In Fahrenheit 451 what lesson is Faber giving Montag by telling him about the legend of Hercules and Antaeus?
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Faber is explaining to Montag how books are very important in our lives, and have real meaning and quality. He give three reasons as to why books are important: They have quality, they allow the leisure to process their meanings, and the prompt people to act on what they've learned. When Faber brings up the Hercules and Antaeus legend, he is referring to how books have quality. Unlike a lot of other entertainment that shows only the beautiful, fantastical, entertaining, pleasing parts of life, books describe everything. They "show the pores on the face of life." They describe the good AND the bad, and are truthful, unlike many other forms of entertainment. And, because books are so grounded, so rooted in reality, they keep us strong. If we can learn about the good and the bad in life, we develop strength to cope with trials. If all we do is focus on the good, and refuse to admit that there are bad things, we are ill-equipped to deal with reality (take Mildred, for example, who tries to kill herself instead of dealing with her issues).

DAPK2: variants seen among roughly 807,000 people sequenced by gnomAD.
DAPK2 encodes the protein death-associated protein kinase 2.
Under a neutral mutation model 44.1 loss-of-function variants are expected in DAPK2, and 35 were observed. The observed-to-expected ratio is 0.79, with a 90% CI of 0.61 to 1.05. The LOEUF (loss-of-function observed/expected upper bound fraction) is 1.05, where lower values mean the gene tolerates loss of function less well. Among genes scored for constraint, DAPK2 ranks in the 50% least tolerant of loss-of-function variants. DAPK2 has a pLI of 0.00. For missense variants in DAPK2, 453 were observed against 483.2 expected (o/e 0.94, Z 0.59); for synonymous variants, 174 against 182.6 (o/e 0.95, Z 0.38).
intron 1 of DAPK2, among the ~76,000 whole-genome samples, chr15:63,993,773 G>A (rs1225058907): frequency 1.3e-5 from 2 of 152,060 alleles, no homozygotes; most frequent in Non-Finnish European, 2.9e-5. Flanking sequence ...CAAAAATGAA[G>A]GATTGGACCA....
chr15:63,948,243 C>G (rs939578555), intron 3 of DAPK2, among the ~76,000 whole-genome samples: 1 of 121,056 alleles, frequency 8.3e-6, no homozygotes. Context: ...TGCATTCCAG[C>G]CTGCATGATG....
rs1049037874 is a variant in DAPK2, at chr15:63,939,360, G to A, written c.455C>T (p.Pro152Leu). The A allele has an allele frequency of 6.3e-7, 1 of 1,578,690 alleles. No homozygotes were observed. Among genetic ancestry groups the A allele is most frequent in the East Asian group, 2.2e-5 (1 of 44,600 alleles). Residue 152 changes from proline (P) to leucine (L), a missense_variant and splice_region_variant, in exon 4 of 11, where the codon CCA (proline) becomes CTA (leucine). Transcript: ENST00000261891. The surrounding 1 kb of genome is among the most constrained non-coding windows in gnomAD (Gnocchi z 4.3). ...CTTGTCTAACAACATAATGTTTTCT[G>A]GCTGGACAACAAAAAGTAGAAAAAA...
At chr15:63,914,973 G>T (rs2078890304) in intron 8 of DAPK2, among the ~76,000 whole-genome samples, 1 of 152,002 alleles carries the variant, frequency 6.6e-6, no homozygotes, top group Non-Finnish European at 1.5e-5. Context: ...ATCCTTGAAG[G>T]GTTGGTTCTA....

In the legend that Faber describes, Antaeus is a very powerful wrestler because he stood firmly on the earth. This is like everyone who reads books--they keep us strong, because they show us what life really is, and how to cope with life realistically. But as soon as Hercules lifted Antaeus off of the earth, he perished. This is akin to us refusing to read books; we are not grounded anymore, we have no sense of what life is really about, and we can't cope with bad things. This will destroy us; it makes us weak. We need to, like Antaeus, stay firmly rooted in reality to make us strong, and books help us to do that.
It's a rather deep connection that Bradbury is trying to make, but I hope that I explained it well enough to help you understand. Good luck!
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